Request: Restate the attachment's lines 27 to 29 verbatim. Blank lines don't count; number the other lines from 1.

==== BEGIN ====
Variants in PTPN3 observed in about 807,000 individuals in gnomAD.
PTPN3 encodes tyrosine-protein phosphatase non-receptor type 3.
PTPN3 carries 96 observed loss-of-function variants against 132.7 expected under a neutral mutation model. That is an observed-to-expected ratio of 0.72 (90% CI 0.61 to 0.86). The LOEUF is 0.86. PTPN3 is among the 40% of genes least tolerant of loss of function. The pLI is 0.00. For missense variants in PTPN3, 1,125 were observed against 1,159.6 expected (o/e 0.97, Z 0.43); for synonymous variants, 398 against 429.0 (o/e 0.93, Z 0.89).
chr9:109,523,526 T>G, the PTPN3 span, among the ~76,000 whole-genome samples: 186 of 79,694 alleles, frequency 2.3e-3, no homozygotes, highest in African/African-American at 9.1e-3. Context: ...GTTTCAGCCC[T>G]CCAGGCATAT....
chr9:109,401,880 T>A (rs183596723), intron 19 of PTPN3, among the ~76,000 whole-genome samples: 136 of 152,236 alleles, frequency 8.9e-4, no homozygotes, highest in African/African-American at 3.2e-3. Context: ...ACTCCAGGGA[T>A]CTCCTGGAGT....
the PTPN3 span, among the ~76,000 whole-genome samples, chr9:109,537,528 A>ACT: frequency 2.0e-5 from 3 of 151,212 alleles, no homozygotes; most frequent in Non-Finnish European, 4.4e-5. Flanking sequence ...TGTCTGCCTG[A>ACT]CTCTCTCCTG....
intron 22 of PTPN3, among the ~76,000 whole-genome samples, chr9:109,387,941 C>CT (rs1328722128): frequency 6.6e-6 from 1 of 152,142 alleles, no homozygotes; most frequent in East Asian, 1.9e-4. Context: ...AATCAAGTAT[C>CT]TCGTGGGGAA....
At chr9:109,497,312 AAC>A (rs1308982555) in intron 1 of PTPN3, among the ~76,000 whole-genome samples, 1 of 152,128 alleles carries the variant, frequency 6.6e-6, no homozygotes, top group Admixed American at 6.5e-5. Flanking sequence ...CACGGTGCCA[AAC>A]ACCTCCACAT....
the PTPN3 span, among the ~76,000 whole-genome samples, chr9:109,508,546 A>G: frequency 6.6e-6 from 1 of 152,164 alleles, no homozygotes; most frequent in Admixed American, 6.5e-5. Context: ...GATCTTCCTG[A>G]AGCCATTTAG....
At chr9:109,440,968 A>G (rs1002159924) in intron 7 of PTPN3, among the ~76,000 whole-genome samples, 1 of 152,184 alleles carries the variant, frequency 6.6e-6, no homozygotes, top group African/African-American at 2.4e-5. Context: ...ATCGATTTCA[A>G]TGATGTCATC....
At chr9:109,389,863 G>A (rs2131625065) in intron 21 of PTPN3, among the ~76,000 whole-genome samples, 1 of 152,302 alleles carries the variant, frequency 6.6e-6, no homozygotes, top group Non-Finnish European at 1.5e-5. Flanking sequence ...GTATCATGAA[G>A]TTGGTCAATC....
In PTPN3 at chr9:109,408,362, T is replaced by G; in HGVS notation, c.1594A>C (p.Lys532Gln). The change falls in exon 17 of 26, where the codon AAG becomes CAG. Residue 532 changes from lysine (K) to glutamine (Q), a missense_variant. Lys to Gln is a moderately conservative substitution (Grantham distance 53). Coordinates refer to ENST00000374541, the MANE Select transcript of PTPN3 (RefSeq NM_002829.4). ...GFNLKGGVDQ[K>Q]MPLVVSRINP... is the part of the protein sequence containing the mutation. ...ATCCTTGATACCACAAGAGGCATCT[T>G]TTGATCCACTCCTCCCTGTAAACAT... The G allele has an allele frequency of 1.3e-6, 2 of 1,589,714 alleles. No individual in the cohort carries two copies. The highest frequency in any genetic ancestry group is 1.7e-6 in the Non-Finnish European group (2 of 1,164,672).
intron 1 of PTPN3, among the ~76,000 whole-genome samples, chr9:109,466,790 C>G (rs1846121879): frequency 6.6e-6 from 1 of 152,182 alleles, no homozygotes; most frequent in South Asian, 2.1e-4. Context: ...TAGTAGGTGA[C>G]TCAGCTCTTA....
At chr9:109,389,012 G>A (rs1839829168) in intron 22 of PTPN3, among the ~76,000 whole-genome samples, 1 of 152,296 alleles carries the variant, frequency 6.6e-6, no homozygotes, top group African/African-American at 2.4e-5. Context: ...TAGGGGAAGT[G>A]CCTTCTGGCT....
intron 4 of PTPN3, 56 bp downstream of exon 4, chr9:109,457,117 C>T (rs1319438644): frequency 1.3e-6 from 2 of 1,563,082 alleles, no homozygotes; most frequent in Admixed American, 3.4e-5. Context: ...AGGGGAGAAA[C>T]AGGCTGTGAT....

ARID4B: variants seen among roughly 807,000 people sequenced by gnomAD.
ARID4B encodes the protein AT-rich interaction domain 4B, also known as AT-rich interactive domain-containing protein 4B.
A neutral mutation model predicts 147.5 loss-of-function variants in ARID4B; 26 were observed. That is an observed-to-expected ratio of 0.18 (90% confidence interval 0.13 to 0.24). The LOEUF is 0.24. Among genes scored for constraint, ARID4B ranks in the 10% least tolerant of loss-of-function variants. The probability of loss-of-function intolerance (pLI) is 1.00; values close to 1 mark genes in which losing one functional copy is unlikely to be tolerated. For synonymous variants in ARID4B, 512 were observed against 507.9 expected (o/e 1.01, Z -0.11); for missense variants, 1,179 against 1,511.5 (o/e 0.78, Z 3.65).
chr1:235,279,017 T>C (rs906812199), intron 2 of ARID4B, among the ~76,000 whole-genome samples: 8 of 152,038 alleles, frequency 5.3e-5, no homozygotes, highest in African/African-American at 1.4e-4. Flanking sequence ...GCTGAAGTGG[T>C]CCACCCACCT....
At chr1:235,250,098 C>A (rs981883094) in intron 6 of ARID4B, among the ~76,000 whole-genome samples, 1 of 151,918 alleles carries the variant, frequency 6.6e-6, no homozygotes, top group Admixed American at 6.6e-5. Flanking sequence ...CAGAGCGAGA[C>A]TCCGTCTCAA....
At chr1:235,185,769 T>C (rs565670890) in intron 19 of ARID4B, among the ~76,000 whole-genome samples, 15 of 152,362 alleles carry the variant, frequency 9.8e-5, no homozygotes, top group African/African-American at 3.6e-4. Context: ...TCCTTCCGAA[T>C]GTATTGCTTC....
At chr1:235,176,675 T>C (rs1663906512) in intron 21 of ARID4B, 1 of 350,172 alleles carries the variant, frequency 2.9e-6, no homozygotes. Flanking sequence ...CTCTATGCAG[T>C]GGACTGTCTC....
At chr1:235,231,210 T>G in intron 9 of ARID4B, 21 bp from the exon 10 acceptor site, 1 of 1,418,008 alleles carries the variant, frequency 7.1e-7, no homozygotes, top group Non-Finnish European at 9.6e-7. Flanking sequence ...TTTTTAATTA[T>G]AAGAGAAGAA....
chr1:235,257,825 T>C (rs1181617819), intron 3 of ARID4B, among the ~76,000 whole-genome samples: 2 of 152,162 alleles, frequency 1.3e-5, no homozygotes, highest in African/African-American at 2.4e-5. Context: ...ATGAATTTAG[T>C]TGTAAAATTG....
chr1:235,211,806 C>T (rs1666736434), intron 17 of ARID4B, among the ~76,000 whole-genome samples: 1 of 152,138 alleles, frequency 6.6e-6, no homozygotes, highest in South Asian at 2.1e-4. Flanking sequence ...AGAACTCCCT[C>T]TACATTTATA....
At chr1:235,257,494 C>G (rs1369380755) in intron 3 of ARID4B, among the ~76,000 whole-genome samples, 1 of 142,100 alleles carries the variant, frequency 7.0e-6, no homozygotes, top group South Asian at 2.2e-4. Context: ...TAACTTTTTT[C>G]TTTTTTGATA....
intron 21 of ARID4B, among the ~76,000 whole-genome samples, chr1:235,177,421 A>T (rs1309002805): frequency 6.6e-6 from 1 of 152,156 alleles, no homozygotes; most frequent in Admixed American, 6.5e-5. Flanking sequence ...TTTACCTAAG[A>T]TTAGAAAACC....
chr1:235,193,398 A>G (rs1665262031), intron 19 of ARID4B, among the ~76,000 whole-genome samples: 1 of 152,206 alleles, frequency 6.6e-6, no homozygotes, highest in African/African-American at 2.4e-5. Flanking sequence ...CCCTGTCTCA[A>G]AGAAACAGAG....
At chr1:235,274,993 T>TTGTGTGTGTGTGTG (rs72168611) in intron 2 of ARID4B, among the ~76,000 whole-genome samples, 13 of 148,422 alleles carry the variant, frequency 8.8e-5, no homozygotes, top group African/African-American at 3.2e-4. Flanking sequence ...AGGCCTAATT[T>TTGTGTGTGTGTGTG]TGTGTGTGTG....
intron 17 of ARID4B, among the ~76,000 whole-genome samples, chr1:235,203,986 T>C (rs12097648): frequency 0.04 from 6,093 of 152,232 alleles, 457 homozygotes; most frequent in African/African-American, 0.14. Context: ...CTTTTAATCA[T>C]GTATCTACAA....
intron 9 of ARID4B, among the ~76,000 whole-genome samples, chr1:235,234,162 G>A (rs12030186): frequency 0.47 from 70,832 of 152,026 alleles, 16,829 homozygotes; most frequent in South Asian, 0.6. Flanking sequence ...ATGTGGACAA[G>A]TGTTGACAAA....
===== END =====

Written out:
intron 21 of ARID4B, among the ~76,000 whole-genome samples, chr1:235,177,421 A>T (rs1309002805): frequency 6.6e-6 from 1 of 152,156 alleles, no homozygotes; most frequent in Admixed American, 6.5e-5. Flanking sequence ...TTTACCTAAG[A>T]TTAGAAAACC....
chr1:235,193,398 A>G (rs1665262031), intron 19 of ARID4B, among the ~76,000 whole-genome samples: 1 of 152,206 alleles, frequency 6.6e-6, no homozygotes, highest in African/African-American at 2.4e-5. Flanking sequence ...CCCTGTCTCA[A>G]AGAAACAGAG....
At chr1:235,274,993 T>TTGTGTGTGTGTGTG (rs72168611) in intron 2 of ARID4B, among the ~76,000 whole-genome samples, 13 of 148,422 alleles carry the variant, frequency 8.8e-5, no homozygotes, top group African/African-American at 3.2e-4. Flanking sequence ...AGGCCTAATT[T>TTGTGTGTGTGTGTG]TGTGTGTGTG....